Your student is correct. The general sense of present perfect is "present state resulting from actions in the past". It can be used to talk about experiences.
If you went to Japan and saw Mount Fuji, you could come home and say
I have seen Mt Fuji.
It does not mean that the act of seeing the mountain continues until the present. It does mean that the experience of seeing the mountain is a present experience. You could still say "I have seen Mt Fuji" 70 years later when you are an old person. You still have the experience.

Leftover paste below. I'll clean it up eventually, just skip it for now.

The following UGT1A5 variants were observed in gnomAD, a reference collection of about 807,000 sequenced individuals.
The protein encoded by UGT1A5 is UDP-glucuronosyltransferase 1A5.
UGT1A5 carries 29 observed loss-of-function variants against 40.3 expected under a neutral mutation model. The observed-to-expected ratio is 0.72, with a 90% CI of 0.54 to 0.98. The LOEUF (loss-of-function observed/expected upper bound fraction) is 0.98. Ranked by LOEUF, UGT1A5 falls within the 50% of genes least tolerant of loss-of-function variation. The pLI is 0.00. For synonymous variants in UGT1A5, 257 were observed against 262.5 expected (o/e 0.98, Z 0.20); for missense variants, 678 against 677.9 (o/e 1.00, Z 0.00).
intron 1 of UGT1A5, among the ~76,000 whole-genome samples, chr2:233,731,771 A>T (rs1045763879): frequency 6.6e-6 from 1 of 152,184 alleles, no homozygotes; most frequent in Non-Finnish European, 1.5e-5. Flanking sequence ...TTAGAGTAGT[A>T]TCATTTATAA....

So "My sister has lived in China" means
My sister has the experience of living in China.
It suggests that the sister doesn't live in China now, otherwise you'd say "My sister lives in China".
Your student could have said "My sister lived in China until 2015". The past tense is possible but not required. Moreover if you say "My sister has lived in China since 2015" that does mean until the present time. The phrase "since 2015" changes the meaning greatly.
There is an implication "My sister has lived in China" suggests that this is a special experience that she has. It would be somewhat odd to say of a native Chinese person that they "have lived" in China.
So your student is broadly correct.